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5 Questions with Lionel Vatinet

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We're sitting down with our favorite writers and cooks to talk about their upcoming cookbooks, their best food memories, and just about anything else.

Today: We break bread with North Carolina's baker extraordinaire, Lionel Vatinet, as he discusses his new book and demystifies artisanal bread for the home baker.

Lionel  Lionel

A strip mall in Cary, North Carolina is likely not the first place you'd go looking for artisan bread. But that's where Lionel Vatinet -- a French certified Master Baker and teacher -- has built his bakery. After working as a teacher for years, Lionel opened La Farm in 1999. 

Ever since, Lionel has developed a loyal following through his artisan breads, sandwiches, and sweets. ("It's not a traditional French bakery," he told us. "We sell cookies.") He works with local millers to source the highest-quality whole wheat flour, and passes on the techniques he learned during 7 years of study with the Les Compagnons du Devoir bakers' guild in France. The result is a chewy, sour crumb; a bubbly crust; and potential for a killer sandwich.

In his first cookbook, A Passion for Bread: Lessons from a Master Baker, Vatinet has turned years of instruction into an incredibly useful, practical, step-by-step guide to an art with a learning curve tends to scare off home cooks. From mixing, to kneading, to shaping, the key steps of bread baking are shown through detailed photographs and instruction -- he essentially holds your hand throughout the process. And for those wary of baking artisan bread in a conventional oven, Vatinet has devised a genius technique that won't have you throwing water into your 500° oven. Read on to hear more about his history, the importance of having a teacher, and the easiest breads you can bake from his book. (We're also giving away a few copies! Read on for details.)

When did you decide that you wanted to be a baker?
I was 16 years old when my mom sent to me to apprentice with different types of artisans. I wanted to learn a skill. On my first day in our neighborhood bakery, I knew I’d do this for the rest of my life. I instantly fell in love with baking and everything that goes along with it -- the feel of the dough, the smell of the breads -- and to be able to produce something that feeds and nurtures people is a gift. It’s an art that gives such pleasure to everyone, and it's such a fundamental part of every day, every culture. I’ve had a love affair with bread for so many years now.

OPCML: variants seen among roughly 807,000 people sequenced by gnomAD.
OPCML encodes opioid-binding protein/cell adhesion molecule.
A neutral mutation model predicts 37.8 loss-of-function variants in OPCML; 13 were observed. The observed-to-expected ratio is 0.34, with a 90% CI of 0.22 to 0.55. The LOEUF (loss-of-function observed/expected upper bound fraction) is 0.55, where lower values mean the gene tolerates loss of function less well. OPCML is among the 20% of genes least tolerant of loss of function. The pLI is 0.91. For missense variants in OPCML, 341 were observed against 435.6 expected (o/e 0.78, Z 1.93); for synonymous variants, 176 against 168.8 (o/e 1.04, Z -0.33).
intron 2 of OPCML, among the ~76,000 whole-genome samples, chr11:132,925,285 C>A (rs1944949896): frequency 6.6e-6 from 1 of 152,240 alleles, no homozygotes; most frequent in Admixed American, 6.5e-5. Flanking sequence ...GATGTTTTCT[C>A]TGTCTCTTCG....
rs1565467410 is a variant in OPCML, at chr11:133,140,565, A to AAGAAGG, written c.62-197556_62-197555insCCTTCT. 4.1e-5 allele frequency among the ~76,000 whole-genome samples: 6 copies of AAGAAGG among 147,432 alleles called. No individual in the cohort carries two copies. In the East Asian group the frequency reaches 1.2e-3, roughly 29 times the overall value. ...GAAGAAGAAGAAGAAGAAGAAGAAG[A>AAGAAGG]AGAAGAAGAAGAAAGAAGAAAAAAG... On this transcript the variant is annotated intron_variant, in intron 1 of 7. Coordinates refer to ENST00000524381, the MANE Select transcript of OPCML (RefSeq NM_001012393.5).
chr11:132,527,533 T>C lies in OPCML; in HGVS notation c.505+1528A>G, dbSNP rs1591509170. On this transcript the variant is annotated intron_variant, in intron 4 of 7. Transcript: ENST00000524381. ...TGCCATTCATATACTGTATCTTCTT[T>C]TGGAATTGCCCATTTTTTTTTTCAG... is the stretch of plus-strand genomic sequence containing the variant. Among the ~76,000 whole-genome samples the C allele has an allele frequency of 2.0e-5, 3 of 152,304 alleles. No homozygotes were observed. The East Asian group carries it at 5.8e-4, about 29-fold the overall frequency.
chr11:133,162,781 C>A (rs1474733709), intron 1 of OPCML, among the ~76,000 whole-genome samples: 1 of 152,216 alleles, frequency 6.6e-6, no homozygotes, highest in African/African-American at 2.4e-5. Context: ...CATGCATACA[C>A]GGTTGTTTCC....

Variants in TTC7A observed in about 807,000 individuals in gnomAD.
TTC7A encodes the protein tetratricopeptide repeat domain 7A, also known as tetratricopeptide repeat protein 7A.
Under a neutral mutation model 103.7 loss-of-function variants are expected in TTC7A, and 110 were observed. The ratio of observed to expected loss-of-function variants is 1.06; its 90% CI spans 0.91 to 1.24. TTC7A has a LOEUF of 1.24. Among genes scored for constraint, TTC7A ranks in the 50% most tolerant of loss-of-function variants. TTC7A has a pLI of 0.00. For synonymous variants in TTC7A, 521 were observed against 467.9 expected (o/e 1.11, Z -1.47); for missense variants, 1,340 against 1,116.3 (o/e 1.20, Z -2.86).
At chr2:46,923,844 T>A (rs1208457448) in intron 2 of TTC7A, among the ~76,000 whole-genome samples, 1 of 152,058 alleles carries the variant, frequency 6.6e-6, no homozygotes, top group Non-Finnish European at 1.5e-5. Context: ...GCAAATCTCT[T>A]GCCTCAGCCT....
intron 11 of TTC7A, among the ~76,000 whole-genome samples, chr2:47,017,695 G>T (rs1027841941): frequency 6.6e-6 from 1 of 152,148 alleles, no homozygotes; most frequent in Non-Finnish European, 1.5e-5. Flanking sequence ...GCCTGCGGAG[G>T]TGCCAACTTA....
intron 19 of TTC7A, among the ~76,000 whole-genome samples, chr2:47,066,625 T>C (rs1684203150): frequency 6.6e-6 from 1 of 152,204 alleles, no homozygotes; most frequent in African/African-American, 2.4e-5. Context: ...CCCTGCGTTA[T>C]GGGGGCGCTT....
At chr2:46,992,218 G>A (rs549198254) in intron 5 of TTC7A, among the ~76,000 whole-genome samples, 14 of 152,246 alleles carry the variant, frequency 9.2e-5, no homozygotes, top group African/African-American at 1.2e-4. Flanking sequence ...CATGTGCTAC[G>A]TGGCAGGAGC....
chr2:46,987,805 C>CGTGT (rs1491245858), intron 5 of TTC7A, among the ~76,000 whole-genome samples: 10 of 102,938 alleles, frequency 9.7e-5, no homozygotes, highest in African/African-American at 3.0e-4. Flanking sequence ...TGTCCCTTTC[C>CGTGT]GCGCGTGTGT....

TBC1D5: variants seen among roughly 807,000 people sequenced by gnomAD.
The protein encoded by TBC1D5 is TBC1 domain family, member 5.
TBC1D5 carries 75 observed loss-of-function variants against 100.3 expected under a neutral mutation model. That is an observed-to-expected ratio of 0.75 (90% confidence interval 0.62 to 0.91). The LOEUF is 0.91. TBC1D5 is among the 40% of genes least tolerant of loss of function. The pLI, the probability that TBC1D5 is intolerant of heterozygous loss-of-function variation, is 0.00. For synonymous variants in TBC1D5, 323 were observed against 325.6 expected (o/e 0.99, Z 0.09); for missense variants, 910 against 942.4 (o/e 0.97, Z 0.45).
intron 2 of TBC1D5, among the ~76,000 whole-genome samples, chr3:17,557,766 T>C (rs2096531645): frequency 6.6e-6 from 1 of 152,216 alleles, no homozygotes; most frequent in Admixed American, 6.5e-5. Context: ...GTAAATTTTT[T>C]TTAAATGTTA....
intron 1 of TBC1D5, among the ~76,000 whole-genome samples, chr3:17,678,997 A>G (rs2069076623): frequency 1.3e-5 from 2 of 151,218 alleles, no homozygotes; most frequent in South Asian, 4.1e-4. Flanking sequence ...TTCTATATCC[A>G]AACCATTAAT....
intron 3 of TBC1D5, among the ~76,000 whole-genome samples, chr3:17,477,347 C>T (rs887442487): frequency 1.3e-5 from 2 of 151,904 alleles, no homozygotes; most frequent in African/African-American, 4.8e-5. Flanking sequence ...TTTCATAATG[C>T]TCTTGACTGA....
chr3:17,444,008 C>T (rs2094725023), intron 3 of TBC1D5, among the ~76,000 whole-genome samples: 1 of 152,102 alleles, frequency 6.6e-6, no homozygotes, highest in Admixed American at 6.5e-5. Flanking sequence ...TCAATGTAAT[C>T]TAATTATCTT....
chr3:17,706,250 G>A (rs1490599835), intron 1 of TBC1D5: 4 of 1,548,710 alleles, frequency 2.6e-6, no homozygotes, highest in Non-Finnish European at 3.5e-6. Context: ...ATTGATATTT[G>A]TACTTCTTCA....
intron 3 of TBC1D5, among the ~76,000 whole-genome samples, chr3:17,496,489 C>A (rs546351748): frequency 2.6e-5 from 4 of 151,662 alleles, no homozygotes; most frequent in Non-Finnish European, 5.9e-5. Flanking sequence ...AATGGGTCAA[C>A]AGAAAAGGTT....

What is biggest challenge that home bakers face that professional bakers don’t have to worry about?
A crusty exterior is often the difference between a professional loaf and a home-baked loaf, which is created by steam in the oven. I’ve included a simple technique in my book that produces the same results you’d get using a professional steam-injected oven: It’s a stainless steel bowl. You simply cover your bread with a stainless steel bowl while its baking, and remove it after 10 minutes. This will create a steam chamber and help to produce a crusty exterior. So easy -- a great technique for both first-time bakers and more experienced bakers!

How do you understand the importance of having a teacher when learning to bake? Is this why you decided to write your book in such an instructional way?
After decades of teaching professional and home bakers, I’ve found that most learn to bake bread when they can see the instructors' hands at work, which often means a hands-on class. I teach that way weekly at our North Carolina bakery, La Farm Bakery, and around the country. So it was very important to me that my book recreate this feeling as best it could. I wanted my readers to feel as though I was right there with them. So we worked hard to offer step-by-step photos and captions for every single recipe. 

More: Here's how to make your own lovely loaves.

What do you see as the easiest yeasted recipe in your book?
Ciabatta – because there’s no shaping. All you do is put four simple ingredients into a mixer, fold over several times in a greased bowl, and once it's proofed, you’re ready to bake. Shaping techniques take the longest to learn, and you don’t have to shape Ciabatta. You can also serve it in a variety of different fashions and with different ingredients. For example, you can bake it on a stone and make a classic Ciabatta bread, add ingredients like blue cheese and walnuts and create your own flavored ciabatta, or place in a pan to make focaccia with tomatoes and basil. You can even make pizza and flatbreads with it! 

My goal with this book was to teach four basic doughs and the fundamentals to make a great bread -- with the knowledge that the loaf can reflect your imagination. It can reflect your own passion for bread.

What’s the biggest mistake that home bakers make?
Not accurately measuring the ingredients is the biggest mistake, and a scale is the most accurate way to measure. In A Passion for Bread, I highly recommend that even home bakers invest in a scale and use this rather than cups for measuring. It’s much more precise and will get you off to a good start!

We're giving away 5 copies of A Passion for Bread! To enter, tell us in the comments: What do you find most difficult about baking bread? We'll choose our winners at random next week. (Unfortunately, we can't ship internationally. Sorry!)

Cover photo by Gordon Munro; Photo of Lionel by Tara Lackey; Bread photos by Beth Kirby

Tags: Lists, Cookbooks, 5 Questions